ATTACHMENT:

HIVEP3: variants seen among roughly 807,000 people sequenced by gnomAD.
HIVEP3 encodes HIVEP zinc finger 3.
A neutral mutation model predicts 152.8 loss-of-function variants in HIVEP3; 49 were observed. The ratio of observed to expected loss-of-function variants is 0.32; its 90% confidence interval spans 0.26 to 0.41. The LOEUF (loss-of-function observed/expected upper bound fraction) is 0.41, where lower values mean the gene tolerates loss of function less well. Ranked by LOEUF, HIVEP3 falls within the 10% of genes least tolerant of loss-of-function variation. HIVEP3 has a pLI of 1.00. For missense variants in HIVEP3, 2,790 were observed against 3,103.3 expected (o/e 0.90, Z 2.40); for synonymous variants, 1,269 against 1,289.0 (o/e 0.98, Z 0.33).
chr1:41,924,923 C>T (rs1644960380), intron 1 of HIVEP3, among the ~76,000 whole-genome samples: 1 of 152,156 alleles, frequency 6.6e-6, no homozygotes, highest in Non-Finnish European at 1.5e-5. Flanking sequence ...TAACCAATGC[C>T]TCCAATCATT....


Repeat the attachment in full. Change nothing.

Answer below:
HIVEP3: variants seen among roughly 807,000 people sequenced by gnomAD.
HIVEP3 encodes HIVEP zinc finger 3.
A neutral mutation model predicts 152.8 loss-of-function variants in HIVEP3; 49 were observed. The ratio of observed to expected loss-of-function variants is 0.32; its 90% confidence interval spans 0.26 to 0.41. The LOEUF (loss-of-function observed/expected upper bound fraction) is 0.41, where lower values mean the gene tolerates loss of function less well. Ranked by LOEUF, HIVEP3 falls within the 10% of genes least tolerant of loss-of-function variation. HIVEP3 has a pLI of 1.00. For missense variants in HIVEP3, 2,790 were observed against 3,103.3 expected (o/e 0.90, Z 2.40); for synonymous variants, 1,269 against 1,289.0 (o/e 0.98, Z 0.33).
chr1:41,924,923 C>T (rs1644960380), intron 1 of HIVEP3, among the ~76,000 whole-genome samples: 1 of 152,156 alleles, frequency 6.6e-6, no homozygotes, highest in Non-Finnish European at 1.5e-5. Flanking sequence ...TAACCAATGC[C>T]TCCAATCATT....